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I remember reading that tornadoes disappeared from ancient Asia due to climate change, and so the memory of it is preserved in myth as dragons. Is this true?

  • This isn't an issue anymore because your question seems to have been answers, but in the future you should name the book/article where you "remember reading that tornadoes disappeared..." It's much easier for us to answer your questions if we have the name of a book: that way we have a starting place for our research. – user62 Oct 1 '15 at 17:13
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The origin of dragons in the Eastern tradition is disputed. The leading explanation is perhaps that the dragon was originally crocodiles. However, one proposed alternative does argue that dragons () was historically a word describing tornadoes.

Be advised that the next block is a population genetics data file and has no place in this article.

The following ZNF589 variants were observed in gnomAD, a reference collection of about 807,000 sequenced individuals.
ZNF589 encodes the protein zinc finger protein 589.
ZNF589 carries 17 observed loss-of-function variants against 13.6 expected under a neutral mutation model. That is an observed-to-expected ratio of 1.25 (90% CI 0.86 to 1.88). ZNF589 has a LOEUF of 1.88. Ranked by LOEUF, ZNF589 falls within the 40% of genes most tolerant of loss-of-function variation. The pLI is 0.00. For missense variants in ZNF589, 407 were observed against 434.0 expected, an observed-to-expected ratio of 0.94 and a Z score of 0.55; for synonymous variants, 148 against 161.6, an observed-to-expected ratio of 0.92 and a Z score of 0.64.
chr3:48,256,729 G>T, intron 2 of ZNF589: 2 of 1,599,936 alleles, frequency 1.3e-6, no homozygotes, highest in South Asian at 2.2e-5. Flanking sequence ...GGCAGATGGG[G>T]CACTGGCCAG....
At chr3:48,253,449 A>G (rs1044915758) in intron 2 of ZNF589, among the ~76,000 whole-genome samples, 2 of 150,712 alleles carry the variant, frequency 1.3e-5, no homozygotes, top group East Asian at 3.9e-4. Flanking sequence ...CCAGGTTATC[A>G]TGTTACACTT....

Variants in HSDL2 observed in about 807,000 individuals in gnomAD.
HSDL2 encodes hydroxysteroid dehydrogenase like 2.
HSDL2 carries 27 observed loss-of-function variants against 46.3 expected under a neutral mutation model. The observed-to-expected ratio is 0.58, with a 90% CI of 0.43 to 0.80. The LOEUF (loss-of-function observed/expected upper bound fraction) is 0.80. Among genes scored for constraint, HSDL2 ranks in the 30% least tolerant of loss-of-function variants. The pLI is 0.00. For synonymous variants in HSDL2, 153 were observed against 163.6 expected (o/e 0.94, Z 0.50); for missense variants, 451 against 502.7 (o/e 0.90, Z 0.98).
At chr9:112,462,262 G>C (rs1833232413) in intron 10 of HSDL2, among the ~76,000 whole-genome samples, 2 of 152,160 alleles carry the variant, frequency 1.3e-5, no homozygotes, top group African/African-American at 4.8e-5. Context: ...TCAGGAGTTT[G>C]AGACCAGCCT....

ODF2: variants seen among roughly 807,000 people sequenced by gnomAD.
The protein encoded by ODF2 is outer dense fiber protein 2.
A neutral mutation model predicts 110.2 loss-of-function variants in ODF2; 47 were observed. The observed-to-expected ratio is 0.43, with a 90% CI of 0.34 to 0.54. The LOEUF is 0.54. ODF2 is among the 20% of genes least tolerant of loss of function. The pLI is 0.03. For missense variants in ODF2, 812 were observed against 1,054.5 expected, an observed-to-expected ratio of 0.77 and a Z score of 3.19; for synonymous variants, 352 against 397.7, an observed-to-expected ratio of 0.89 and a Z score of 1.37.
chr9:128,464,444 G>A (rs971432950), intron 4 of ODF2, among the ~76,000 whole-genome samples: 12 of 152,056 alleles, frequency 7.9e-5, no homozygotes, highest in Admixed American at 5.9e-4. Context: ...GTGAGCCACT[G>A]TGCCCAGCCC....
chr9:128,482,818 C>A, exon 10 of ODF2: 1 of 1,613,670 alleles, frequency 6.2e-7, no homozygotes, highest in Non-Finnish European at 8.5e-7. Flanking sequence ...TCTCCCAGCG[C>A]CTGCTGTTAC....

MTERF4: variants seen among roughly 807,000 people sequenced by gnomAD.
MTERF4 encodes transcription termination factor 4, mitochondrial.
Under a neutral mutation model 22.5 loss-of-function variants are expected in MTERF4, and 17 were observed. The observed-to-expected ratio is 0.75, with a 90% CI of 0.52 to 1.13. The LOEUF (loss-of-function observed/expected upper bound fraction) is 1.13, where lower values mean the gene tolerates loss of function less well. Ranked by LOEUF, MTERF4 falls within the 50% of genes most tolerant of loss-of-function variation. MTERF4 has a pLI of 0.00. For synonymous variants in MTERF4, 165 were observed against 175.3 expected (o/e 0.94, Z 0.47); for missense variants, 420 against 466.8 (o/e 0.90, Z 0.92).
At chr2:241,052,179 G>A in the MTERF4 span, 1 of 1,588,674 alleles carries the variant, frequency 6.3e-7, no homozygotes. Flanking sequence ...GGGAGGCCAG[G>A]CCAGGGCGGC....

In Chinese scholarship, there are mainly two hypotheses concerning the essential characteristics of the dragon. One hypothesis aims to find a real prototype of the dragon. This hypothesis often identifies the dragon with a crocodile, tornado, or lightning, or even the river.

- Yang, Lihui, and Deming An. Handbook of Chinese Mythology. Abc-clio, 2005.

It has been argued that the original meaning became gradually lost and shrouded in myth as the natural phenomenon disappeared, and was eventually re-imaged as a fearsome mythical beast.

The main proponent is probably is Dr. Benjamin Chao, a former director of the Institute of Earth Sciences at the Academia Sinica in Taiwan. He has published this idea in the Chinese version of the Scientific American magazine. Not exactly a scientifically rigorous theory, but it has its adherents.

The original article can be found here from the Academia Sinica.

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